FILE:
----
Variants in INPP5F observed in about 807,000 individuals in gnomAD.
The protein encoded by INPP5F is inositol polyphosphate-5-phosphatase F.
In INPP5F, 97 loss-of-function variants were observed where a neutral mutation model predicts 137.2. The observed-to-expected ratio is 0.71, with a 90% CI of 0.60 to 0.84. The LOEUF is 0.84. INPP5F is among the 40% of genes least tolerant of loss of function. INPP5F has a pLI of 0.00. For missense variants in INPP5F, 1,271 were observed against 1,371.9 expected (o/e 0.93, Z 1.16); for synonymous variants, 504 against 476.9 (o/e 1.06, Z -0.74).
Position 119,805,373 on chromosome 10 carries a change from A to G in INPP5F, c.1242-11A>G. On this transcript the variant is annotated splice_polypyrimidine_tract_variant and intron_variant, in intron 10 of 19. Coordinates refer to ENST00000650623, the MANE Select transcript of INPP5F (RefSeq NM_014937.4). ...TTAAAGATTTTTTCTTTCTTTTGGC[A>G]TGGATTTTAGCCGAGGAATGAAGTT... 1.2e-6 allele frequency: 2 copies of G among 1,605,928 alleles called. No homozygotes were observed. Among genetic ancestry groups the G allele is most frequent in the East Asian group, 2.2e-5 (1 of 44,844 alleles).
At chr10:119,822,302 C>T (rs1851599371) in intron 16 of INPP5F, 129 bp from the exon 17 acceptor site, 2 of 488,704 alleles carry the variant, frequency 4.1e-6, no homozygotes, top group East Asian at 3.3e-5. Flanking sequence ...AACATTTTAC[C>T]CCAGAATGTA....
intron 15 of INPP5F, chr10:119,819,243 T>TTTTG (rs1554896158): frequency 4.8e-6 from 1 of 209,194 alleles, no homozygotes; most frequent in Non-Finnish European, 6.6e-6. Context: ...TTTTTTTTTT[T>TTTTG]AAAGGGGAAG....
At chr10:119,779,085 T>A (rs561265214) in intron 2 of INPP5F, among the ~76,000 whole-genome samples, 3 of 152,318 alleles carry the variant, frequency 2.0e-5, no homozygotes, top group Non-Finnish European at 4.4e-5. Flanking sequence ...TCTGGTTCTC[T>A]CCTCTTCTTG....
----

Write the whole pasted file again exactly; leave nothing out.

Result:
Variants in INPP5F observed in about 807,000 individuals in gnomAD.
The protein encoded by INPP5F is inositol polyphosphate-5-phosphatase F.
In INPP5F, 97 loss-of-function variants were observed where a neutral mutation model predicts 137.2. The observed-to-expected ratio is 0.71, with a 90% CI of 0.60 to 0.84. The LOEUF is 0.84. INPP5F is among the 40% of genes least tolerant of loss of function. INPP5F has a pLI of 0.00. For missense variants in INPP5F, 1,271 were observed against 1,371.9 expected (o/e 0.93, Z 1.16); for synonymous variants, 504 against 476.9 (o/e 1.06, Z -0.74).
Position 119,805,373 on chromosome 10 carries a change from A to G in INPP5F, c.1242-11A>G. On this transcript the variant is annotated splice_polypyrimidine_tract_variant and intron_variant, in intron 10 of 19. Coordinates refer to ENST00000650623, the MANE Select transcript of INPP5F (RefSeq NM_014937.4). ...TTAAAGATTTTTTCTTTCTTTTGGC[A>G]TGGATTTTAGCCGAGGAATGAAGTT... 1.2e-6 allele frequency: 2 copies of G among 1,605,928 alleles called. No homozygotes were observed. Among genetic ancestry groups the G allele is most frequent in the East Asian group, 2.2e-5 (1 of 44,844 alleles).
At chr10:119,822,302 C>T (rs1851599371) in intron 16 of INPP5F, 129 bp from the exon 17 acceptor site, 2 of 488,704 alleles carry the variant, frequency 4.1e-6, no homozygotes, top group East Asian at 3.3e-5. Flanking sequence ...AACATTTTAC[C>T]CCAGAATGTA....
intron 15 of INPP5F, chr10:119,819,243 T>TTTTG (rs1554896158): frequency 4.8e-6 from 1 of 209,194 alleles, no homozygotes; most frequent in Non-Finnish European, 6.6e-6. Context: ...TTTTTTTTTT[T>TTTTG]AAAGGGGAAG....
At chr10:119,779,085 T>A (rs561265214) in intron 2 of INPP5F, among the ~76,000 whole-genome samples, 3 of 152,318 alleles carry the variant, frequency 2.0e-5, no homozygotes, top group Non-Finnish European at 4.4e-5. Flanking sequence ...TCTGGTTCTC[T>A]CCTCTTCTTG....